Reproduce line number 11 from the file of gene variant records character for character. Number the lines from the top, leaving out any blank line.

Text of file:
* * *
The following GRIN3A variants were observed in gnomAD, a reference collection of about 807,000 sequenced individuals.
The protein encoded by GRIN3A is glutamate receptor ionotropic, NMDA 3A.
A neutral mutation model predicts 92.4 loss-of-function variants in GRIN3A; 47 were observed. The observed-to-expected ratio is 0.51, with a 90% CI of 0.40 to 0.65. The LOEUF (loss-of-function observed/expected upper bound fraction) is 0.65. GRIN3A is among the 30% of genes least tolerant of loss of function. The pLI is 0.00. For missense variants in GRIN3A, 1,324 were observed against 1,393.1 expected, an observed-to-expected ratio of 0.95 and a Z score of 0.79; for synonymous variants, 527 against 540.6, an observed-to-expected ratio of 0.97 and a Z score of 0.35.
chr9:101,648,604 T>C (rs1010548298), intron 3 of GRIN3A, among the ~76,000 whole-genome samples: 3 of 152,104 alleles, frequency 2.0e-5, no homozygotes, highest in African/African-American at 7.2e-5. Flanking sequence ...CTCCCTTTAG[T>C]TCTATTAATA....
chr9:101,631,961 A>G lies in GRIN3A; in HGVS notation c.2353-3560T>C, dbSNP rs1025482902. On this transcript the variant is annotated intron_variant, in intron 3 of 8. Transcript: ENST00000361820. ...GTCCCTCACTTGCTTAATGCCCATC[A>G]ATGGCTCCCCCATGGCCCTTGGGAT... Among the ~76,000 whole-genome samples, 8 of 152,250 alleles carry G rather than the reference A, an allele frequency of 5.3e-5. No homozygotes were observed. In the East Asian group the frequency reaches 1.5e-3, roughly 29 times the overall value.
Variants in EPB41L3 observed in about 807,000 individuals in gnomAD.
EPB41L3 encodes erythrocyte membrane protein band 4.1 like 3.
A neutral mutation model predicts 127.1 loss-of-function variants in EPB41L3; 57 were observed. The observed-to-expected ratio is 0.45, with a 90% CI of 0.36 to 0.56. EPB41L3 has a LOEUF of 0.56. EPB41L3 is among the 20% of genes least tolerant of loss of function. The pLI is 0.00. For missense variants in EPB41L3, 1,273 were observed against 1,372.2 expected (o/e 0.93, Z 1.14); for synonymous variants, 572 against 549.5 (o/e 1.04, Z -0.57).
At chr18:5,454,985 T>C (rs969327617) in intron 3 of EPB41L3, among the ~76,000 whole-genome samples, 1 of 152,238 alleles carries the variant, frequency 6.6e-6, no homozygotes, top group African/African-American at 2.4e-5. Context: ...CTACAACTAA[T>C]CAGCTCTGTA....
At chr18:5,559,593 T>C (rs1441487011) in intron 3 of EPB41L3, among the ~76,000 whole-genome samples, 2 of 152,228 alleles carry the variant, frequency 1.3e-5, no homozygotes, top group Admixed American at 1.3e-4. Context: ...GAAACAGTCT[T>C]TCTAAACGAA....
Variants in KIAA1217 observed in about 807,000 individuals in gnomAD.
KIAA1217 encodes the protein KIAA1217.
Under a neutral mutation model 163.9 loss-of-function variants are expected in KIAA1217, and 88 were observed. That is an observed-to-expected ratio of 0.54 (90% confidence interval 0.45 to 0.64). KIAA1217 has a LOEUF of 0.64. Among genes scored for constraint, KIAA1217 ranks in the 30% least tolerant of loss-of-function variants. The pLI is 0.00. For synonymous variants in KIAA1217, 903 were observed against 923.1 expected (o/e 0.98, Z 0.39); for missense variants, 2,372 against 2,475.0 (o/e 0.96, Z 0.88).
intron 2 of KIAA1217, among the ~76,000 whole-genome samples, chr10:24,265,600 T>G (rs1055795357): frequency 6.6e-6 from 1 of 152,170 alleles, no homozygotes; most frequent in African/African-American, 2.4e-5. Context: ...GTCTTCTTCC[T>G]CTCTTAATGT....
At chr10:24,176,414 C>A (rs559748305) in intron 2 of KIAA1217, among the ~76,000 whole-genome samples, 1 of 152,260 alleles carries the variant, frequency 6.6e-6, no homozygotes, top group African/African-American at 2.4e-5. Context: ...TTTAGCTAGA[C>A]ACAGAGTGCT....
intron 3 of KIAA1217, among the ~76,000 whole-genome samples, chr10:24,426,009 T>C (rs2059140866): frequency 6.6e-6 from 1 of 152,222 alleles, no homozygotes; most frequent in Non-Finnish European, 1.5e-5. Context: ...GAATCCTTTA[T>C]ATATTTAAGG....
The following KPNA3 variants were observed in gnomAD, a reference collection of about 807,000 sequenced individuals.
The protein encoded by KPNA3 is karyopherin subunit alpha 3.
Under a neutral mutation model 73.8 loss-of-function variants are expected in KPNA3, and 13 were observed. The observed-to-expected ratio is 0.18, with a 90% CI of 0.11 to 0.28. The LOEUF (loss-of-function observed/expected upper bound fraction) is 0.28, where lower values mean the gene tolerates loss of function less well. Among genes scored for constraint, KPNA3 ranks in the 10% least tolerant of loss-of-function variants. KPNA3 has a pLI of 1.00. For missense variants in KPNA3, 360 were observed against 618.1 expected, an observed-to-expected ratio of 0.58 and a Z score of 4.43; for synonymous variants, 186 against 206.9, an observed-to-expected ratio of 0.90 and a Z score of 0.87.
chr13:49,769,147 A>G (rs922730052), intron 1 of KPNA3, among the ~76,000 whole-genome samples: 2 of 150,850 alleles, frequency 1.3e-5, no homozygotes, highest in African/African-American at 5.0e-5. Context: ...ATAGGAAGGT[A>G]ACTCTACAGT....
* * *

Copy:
Variants in KIAA1217 observed in about 807,000 individuals in gnomAD.